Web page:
Effect of elevated CO2 and temperature on resistance resetting
Many studies have observed association between herbivore tolerance and resistance (Bailey and Schweitzer, 2010), but little is known about how abiotic factors like global CO2 and temperature affect the relationship between tolerance and resistance. According to Guo et al., (2012) elevated COreduces tomato plant resistance to H. armigera by suppressing the critical defensive signal molecule JA and JA-pathway-related defensive enzymes. Tomato plants grown in elevated CO2 are also less tolerant to H. armigera than plants grown in ambient CO2. Raised CO2 concentration produce higher leaf glucose concentration and lowered nitrogen content when combined with increased temperature (DeLucia et al., 2012). Both alterations in plant foliage reduce the plant’s nutritional value, causing certain herbivores to consume more leaves to meet their nutritional requirement. Srivastava et al., (2002) observed the effect of long-term CO2 enrichment on mungbean leaf chemistry. According to the above said researchers, under enriched CO(600±50 µl l-1) condition, foliage protein and non-protein nitrogen level decrease whereas, starch and total soluble sugar level of the leaves increase, resulting in more damage by Spodoptera litura damage. The change in herbivore feeding behavior caused by enhanced CO2 has led to considerable ecological disruption. Moreover, high CO2 level lowers the titre of plant defense hormone jasmonic acid (JA) and promote the production of salicylic acid (SA), these changes in plant hormones could potentially increase sensitivity to chewing insects (DeLucia et al., 2012).

Not all plant species respond identically to elevated concentrations of CO2 (Lindrothet_al1993). For example, elevated CO2 results in reduced in foliar nitrogen levels and increased condensed tannin levels in paper birch and but not in white pine (Roth and Lindroth, 1994). Chickpea plants reduce nitrogen-based defensive chemicals (e.g., alkaloids) when CO2 level rose (Sharma et al., 2016b). Reduced resistance in wild tomato plants when grown under high COcondition. When wild type tomato plants were infested with H. armigera larvae, the levels of jasmonic acid and the activities of lipoxygenase, proteinase inhibitors and polyphenol oxidase were found to be less (Guo et al., 2012) (Fig 1). The expression of resistance and tolerance to the test bug were highest in wild type plants under ambient CO2 level. Increase in susceptibility of soybean plant to Japanese beetle, Popillia japonica, by lowering the expression of genes related to the defense hormones (jasmonic acid and ethylene). It decreases the gene expression and activity of cysteine proteinase inhibitors (CystPIs), which are the main anti-herbivore defense in plants (Zavala et al., 2010). Jasmonic acid lowered the efficiency of soybean plants when CO2 level were high (Zavala et al., 2008). Similarly, increase of CO2 levels affects the amounts of malic and oxalic acid in chickpea plants, thereby reduce the plant resistance mechanisms against herbivores (Selvaraj et al., 2013; Sharma et al., 2016b). Plants that grow under elevated levels of CO2 are more sensitive to the Japanese beetle, P. japonica and the western corn rootworm, D. virgifera (Zavala et al., 2008). The synthesis of cysteine proteinase inhibitors (CystPIs) was reduced due to the down regulation of defense signaling genes (lipoxygenase 7 (lox7), lipoxygenase 8 (lox8) and 1-amino cyclopropane-1-carboxylate synthase (acc-s). These are the principal coleopteran herbivore deterrent chemicals in soybean. On the contrary, when the plants were infested by P. japonica, ethylene synthesis in healthy plants increased due to higher CO2 level but reduced the expression of genes in the ethylene-signaling pathway (Casteel et al., 2008).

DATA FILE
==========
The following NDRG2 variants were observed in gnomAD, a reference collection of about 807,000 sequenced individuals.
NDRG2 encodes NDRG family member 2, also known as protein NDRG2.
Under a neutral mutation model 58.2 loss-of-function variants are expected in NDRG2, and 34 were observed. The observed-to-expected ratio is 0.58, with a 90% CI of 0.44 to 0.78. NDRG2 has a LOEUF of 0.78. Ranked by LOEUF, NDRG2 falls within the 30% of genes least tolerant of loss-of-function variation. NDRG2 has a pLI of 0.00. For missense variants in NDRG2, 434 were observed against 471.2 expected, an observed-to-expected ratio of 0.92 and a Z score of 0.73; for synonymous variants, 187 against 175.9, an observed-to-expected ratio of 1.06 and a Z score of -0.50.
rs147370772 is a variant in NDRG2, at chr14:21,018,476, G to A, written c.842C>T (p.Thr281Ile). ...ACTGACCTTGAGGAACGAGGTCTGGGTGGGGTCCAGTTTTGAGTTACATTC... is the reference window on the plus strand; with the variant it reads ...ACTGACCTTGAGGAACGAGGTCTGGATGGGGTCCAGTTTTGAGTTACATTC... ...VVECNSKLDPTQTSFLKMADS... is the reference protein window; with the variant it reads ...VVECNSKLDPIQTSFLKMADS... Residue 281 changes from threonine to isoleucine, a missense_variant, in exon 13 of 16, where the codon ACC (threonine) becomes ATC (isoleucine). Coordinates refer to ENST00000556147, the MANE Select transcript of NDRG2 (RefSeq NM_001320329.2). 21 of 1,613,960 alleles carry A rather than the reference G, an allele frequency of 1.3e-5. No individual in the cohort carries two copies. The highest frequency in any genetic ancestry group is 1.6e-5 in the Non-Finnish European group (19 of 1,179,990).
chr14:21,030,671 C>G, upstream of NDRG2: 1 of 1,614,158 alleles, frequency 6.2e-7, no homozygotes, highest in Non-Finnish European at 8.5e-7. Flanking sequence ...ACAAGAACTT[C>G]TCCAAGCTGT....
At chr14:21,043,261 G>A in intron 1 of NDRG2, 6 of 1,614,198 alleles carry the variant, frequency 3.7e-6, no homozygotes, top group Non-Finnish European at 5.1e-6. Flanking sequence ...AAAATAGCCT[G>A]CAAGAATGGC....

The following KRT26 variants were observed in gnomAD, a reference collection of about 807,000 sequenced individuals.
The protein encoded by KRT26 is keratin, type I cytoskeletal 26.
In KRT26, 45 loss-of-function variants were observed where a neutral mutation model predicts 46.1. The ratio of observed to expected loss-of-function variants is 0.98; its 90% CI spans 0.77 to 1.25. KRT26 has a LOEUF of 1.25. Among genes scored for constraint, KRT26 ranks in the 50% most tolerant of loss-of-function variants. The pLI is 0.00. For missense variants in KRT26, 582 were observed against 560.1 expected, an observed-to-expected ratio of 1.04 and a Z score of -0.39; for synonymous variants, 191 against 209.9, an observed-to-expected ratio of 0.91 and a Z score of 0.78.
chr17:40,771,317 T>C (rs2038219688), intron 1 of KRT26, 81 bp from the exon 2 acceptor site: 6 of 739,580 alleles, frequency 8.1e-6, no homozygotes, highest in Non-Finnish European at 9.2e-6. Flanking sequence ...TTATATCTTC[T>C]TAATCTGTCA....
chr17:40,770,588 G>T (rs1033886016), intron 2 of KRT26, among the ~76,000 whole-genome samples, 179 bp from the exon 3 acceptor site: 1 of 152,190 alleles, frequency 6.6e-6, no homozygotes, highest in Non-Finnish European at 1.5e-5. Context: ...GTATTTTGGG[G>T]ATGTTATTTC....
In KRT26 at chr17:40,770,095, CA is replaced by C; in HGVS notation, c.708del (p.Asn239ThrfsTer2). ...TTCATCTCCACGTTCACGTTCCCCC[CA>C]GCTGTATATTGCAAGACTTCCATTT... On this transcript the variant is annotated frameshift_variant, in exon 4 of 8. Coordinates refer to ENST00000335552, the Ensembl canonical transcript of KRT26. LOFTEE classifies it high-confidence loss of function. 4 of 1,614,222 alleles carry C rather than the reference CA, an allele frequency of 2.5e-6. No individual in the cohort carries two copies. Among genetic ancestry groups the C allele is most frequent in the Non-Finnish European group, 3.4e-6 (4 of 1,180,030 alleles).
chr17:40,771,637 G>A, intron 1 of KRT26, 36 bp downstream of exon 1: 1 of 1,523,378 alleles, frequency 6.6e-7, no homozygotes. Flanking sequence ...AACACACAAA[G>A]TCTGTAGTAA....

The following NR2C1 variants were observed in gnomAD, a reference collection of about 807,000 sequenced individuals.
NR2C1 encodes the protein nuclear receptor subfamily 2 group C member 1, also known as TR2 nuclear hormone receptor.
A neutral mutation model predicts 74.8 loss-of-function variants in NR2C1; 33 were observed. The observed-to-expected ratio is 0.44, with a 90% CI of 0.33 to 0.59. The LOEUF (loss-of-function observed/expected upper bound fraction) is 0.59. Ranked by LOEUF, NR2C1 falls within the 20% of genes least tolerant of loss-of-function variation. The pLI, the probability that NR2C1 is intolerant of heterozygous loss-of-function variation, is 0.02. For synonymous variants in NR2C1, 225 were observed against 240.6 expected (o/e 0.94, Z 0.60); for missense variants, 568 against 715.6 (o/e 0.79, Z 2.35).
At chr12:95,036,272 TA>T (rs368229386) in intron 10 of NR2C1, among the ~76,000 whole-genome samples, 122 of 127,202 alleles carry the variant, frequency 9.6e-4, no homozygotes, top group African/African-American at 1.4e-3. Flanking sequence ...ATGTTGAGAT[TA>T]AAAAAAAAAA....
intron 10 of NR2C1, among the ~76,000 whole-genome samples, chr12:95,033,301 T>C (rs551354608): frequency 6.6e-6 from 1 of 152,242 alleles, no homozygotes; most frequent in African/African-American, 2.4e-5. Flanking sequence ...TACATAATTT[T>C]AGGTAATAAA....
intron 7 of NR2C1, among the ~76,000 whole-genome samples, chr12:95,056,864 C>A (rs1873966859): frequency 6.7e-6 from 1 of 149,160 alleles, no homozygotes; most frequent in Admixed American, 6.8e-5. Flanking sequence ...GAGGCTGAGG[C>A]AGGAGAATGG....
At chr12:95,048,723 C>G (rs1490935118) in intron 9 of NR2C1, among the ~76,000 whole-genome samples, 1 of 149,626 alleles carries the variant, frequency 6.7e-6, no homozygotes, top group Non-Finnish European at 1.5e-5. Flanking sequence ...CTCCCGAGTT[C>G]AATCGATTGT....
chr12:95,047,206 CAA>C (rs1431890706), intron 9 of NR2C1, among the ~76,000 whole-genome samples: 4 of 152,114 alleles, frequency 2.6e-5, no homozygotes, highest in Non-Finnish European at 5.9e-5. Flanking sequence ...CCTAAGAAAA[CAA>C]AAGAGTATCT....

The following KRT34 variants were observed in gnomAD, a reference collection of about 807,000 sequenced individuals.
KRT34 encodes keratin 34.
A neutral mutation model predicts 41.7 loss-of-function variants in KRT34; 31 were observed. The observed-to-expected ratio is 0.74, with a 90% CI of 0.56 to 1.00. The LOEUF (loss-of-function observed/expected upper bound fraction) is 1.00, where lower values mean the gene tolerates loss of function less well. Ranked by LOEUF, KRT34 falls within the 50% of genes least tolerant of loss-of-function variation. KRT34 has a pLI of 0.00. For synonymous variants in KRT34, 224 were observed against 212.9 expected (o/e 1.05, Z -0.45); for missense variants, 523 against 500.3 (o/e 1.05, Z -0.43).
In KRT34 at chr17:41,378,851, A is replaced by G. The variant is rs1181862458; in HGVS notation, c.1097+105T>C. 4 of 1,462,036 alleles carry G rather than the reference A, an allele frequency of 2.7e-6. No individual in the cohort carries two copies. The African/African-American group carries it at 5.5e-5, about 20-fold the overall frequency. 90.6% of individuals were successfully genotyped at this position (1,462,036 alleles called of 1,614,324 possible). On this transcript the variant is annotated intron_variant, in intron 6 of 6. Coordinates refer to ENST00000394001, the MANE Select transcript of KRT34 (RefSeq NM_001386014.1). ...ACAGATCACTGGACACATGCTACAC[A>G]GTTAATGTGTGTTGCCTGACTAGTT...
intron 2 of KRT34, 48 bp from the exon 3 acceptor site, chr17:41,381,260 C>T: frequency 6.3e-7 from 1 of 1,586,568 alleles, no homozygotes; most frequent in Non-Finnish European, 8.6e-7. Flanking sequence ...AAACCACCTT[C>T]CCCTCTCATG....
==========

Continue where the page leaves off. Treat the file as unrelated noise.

Pigeonpea plants with the shortest incubation period of 18 hours suffered the most Phytophthora cajani infection when grown under 30°C and 85 % RH (Jadesha et al., 2019). Similarly, Pande and Sharma (2010) found a higher incidence of phytophthora blight disease when temperature was 28-30°C and relative humidity was between 75 and 96% inferring that. High temperature seems to reduce plant disease resistance, immunity (Dropkin, 1969) and defensive response, making the plant more susceptible to pathogens (Zhu et al., 2010).
Phytophagous herbivores’ interactions with host plants are unquestionably influenced by changing environmental conditions. In general, increased level of CO2 concentration and temperature interfere with pest–plant interactions. Pest distribution and severity, foliage composition (which determines pest damage) and the physiology and development of foliar feeder herbivores are determined by these parameters. Elevated CO2 alters C and N-based molecules, phenolic components and tannins present in the plants, reducing their resistance mechanisms. The net result is such that the plants become susceptible to pest on one hand and the insect multiplies beyond the economic threshold level and bring down the legume yield drastically.